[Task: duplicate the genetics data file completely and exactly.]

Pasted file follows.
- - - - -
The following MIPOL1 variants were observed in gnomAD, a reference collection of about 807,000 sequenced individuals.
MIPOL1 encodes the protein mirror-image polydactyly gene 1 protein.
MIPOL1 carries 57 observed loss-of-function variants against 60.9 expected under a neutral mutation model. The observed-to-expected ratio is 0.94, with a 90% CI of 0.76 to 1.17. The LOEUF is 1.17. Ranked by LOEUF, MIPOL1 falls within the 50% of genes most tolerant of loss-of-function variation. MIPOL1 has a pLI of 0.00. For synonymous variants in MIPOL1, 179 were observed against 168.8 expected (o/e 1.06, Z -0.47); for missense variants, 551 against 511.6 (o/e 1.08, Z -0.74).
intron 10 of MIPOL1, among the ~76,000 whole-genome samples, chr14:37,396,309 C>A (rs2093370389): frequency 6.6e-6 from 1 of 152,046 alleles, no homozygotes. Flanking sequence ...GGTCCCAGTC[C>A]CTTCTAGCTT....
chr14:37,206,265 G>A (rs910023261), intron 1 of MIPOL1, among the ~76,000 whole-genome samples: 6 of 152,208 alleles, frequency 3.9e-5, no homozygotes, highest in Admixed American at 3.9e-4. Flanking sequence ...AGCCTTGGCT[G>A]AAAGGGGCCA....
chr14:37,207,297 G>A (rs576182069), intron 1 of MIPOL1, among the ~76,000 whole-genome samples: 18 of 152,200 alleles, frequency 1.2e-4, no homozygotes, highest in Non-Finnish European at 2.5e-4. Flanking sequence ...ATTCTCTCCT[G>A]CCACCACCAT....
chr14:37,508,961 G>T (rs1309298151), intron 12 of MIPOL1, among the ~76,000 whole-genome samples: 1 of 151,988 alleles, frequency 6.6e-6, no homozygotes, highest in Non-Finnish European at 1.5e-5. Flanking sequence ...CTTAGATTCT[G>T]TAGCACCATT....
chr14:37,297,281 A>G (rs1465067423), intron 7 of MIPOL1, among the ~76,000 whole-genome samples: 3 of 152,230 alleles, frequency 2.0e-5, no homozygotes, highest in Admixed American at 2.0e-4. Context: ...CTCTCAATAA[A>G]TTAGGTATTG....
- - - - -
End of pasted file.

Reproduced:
The following MIPOL1 variants were observed in gnomAD, a reference collection of about 807,000 sequenced individuals.
MIPOL1 encodes the protein mirror-image polydactyly gene 1 protein.
MIPOL1 carries 57 observed loss-of-function variants against 60.9 expected under a neutral mutation model. The observed-to-expected ratio is 0.94, with a 90% CI of 0.76 to 1.17. The LOEUF is 1.17. Ranked by LOEUF, MIPOL1 falls within the 50% of genes most tolerant of loss-of-function variation. MIPOL1 has a pLI of 0.00. For synonymous variants in MIPOL1, 179 were observed against 168.8 expected (o/e 1.06, Z -0.47); for missense variants, 551 against 511.6 (o/e 1.08, Z -0.74).
intron 10 of MIPOL1, among the ~76,000 whole-genome samples, chr14:37,396,309 C>A (rs2093370389): frequency 6.6e-6 from 1 of 152,046 alleles, no homozygotes. Flanking sequence ...GGTCCCAGTC[C>A]CTTCTAGCTT....
chr14:37,206,265 G>A (rs910023261), intron 1 of MIPOL1, among the ~76,000 whole-genome samples: 6 of 152,208 alleles, frequency 3.9e-5, no homozygotes, highest in Admixed American at 3.9e-4. Flanking sequence ...AGCCTTGGCT[G>A]AAAGGGGCCA....
chr14:37,207,297 G>A (rs576182069), intron 1 of MIPOL1, among the ~76,000 whole-genome samples: 18 of 152,200 alleles, frequency 1.2e-4, no homozygotes, highest in Non-Finnish European at 2.5e-4. Flanking sequence ...ATTCTCTCCT[G>A]CCACCACCAT....
chr14:37,508,961 G>T (rs1309298151), intron 12 of MIPOL1, among the ~76,000 whole-genome samples: 1 of 151,988 alleles, frequency 6.6e-6, no homozygotes, highest in Non-Finnish European at 1.5e-5. Flanking sequence ...CTTAGATTCT[G>T]TAGCACCATT....
chr14:37,297,281 A>G (rs1465067423), intron 7 of MIPOL1, among the ~76,000 whole-genome samples: 3 of 152,230 alleles, frequency 2.0e-5, no homozygotes, highest in Admixed American at 2.0e-4. Context: ...CTCTCAATAA[A>G]TTAGGTATTG....